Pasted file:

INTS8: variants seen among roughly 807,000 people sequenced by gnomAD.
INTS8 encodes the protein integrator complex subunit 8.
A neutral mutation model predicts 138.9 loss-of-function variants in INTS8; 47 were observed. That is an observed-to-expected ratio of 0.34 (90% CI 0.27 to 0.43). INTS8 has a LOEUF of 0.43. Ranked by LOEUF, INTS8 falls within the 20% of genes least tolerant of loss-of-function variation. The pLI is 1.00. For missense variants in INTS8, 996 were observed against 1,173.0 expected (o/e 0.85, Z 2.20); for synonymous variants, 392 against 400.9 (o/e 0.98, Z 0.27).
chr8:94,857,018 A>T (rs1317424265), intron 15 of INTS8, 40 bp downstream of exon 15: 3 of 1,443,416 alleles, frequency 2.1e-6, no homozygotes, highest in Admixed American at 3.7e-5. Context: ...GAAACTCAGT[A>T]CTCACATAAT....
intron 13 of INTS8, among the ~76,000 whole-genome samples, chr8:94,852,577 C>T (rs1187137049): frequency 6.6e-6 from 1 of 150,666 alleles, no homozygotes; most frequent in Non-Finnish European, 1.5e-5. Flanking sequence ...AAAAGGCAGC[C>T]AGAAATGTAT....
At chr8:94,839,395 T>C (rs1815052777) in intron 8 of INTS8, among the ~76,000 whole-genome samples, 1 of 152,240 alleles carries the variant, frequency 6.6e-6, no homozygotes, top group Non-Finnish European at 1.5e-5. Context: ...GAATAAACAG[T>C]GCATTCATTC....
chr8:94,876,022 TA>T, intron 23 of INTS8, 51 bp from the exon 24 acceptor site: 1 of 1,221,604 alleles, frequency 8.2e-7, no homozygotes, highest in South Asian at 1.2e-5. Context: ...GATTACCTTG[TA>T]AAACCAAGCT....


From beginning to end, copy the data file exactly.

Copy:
INTS8: variants seen among roughly 807,000 people sequenced by gnomAD.
INTS8 encodes the protein integrator complex subunit 8.
A neutral mutation model predicts 138.9 loss-of-function variants in INTS8; 47 were observed. That is an observed-to-expected ratio of 0.34 (90% CI 0.27 to 0.43). INTS8 has a LOEUF of 0.43. Ranked by LOEUF, INTS8 falls within the 20% of genes least tolerant of loss-of-function variation. The pLI is 1.00. For missense variants in INTS8, 996 were observed against 1,173.0 expected (o/e 0.85, Z 2.20); for synonymous variants, 392 against 400.9 (o/e 0.98, Z 0.27).
chr8:94,857,018 A>T (rs1317424265), intron 15 of INTS8, 40 bp downstream of exon 15: 3 of 1,443,416 alleles, frequency 2.1e-6, no homozygotes, highest in Admixed American at 3.7e-5. Context: ...GAAACTCAGT[A>T]CTCACATAAT....
intron 13 of INTS8, among the ~76,000 whole-genome samples, chr8:94,852,577 C>T (rs1187137049): frequency 6.6e-6 from 1 of 150,666 alleles, no homozygotes; most frequent in Non-Finnish European, 1.5e-5. Flanking sequence ...AAAAGGCAGC[C>T]AGAAATGTAT....
At chr8:94,839,395 T>C (rs1815052777) in intron 8 of INTS8, among the ~76,000 whole-genome samples, 1 of 152,240 alleles carries the variant, frequency 6.6e-6, no homozygotes, top group Non-Finnish European at 1.5e-5. Context: ...GAATAAACAG[T>C]GCATTCATTC....
chr8:94,876,022 TA>T, intron 23 of INTS8, 51 bp from the exon 24 acceptor site: 1 of 1,221,604 alleles, frequency 8.2e-7, no homozygotes, highest in South Asian at 1.2e-5. Context: ...GATTACCTTG[TA>T]AAACCAAGCT....